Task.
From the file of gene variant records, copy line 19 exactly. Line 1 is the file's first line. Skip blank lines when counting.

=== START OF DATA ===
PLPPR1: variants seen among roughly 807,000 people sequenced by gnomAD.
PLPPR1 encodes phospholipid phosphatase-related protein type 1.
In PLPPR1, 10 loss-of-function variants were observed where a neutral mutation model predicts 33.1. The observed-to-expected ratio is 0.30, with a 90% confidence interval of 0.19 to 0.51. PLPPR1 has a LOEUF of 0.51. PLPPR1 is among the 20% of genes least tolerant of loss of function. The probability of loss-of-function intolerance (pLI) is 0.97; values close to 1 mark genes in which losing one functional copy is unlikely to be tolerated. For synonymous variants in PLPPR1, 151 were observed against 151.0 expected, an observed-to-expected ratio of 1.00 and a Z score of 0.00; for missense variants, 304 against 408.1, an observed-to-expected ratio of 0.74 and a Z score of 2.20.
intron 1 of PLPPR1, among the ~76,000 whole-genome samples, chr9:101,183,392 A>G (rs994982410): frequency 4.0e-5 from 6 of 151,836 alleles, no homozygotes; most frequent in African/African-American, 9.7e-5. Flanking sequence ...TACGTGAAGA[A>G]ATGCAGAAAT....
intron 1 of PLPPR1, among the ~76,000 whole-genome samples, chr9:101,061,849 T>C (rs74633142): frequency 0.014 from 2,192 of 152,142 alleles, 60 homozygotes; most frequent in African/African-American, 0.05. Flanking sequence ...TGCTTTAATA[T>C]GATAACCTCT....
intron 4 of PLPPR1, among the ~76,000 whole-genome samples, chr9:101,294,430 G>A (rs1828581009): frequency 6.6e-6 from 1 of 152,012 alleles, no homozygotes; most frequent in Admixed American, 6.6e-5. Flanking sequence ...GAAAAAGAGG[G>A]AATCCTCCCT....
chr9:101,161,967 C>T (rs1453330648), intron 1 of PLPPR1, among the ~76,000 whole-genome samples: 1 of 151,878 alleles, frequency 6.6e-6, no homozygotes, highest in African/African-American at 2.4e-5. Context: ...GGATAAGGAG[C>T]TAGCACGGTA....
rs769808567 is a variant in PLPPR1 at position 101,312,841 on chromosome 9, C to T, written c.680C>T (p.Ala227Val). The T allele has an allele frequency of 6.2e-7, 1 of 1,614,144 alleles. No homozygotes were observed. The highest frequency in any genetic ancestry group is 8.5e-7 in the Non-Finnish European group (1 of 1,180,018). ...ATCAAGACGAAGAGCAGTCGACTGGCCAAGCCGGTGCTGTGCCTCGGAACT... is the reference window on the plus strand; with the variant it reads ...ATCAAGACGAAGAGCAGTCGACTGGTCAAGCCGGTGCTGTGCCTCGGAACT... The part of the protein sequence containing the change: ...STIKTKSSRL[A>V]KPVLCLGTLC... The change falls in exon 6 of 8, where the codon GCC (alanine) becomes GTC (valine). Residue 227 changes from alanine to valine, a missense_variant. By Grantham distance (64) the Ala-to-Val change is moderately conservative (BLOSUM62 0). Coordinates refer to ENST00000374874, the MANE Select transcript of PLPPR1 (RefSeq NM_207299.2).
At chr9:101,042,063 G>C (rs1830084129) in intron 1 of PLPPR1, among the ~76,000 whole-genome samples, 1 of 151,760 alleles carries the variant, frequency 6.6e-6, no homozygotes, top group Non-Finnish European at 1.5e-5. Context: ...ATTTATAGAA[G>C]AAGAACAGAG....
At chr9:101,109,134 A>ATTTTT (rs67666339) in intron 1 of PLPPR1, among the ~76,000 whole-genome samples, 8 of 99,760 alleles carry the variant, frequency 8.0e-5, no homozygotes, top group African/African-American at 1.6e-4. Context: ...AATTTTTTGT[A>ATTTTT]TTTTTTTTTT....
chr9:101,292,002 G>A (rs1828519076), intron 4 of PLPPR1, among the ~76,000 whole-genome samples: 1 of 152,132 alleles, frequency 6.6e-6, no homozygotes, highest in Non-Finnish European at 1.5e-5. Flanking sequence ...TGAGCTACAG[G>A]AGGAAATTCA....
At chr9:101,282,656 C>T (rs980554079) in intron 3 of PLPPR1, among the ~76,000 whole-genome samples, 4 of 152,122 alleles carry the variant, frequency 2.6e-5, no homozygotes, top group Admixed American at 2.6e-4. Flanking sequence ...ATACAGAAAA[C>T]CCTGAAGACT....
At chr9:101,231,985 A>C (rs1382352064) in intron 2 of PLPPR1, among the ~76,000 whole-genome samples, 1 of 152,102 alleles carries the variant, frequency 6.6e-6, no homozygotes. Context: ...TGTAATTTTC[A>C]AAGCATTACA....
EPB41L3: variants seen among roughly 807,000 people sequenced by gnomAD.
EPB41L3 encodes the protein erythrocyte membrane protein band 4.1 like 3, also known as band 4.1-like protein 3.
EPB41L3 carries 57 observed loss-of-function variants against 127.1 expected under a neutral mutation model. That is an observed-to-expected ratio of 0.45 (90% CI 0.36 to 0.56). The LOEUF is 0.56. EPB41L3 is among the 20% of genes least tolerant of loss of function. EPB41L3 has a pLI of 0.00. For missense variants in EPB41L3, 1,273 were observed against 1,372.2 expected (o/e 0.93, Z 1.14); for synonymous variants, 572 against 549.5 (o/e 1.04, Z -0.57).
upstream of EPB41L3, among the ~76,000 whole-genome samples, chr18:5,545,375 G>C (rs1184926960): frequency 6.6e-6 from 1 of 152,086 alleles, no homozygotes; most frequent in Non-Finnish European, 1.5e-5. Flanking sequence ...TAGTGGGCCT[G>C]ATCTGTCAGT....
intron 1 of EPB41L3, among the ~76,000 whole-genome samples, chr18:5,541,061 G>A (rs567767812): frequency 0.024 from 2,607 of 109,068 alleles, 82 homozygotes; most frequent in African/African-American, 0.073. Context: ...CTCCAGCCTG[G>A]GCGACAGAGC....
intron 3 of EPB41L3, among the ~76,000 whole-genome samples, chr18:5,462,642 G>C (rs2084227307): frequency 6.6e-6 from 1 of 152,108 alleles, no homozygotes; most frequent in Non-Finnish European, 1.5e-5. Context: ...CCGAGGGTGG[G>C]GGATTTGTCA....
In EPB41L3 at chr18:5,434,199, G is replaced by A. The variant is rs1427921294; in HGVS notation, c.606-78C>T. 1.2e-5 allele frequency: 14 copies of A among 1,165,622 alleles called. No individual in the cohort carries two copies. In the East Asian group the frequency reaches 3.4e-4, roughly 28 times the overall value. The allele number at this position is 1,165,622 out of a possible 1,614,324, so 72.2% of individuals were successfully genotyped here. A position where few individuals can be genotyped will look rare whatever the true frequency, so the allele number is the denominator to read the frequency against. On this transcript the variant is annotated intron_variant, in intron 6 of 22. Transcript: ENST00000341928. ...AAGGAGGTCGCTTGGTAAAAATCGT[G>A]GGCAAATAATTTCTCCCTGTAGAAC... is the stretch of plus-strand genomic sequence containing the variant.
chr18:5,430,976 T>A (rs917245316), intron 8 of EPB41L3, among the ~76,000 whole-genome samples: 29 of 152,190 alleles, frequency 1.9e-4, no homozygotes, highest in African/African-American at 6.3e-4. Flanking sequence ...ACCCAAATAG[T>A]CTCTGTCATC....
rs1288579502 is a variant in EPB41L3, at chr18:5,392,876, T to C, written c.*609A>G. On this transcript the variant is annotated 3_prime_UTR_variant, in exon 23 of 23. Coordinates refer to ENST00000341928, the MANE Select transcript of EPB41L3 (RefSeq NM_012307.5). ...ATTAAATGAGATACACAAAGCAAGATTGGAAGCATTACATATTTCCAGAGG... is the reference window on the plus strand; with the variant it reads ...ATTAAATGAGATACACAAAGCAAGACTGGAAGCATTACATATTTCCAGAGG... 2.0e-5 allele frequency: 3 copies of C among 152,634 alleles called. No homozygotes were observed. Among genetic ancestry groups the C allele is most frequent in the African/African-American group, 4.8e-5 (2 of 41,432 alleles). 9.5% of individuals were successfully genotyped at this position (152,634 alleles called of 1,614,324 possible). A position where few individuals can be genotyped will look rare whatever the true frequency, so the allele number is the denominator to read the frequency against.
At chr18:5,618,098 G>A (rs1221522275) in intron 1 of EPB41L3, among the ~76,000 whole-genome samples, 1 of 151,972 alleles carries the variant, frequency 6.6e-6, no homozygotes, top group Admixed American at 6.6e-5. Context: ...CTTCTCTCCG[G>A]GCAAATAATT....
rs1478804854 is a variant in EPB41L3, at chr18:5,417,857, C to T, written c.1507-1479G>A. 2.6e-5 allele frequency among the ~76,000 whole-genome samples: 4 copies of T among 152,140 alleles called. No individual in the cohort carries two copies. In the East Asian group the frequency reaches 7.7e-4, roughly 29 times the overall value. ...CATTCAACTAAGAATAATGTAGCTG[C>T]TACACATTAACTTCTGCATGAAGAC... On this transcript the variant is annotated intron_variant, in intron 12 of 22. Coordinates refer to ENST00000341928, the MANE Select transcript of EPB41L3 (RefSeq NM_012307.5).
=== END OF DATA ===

intron 3 of EPB41L3, among the ~76,000 whole-genome samples, chr18:5,462,642 G>C (rs2084227307): frequency 6.6e-6 from 1 of 152,108 alleles, no homozygotes; most frequent in Non-Finnish European, 1.5e-5. Context: ...CCGAGGGTGG[G>C]GGATTTGTCA....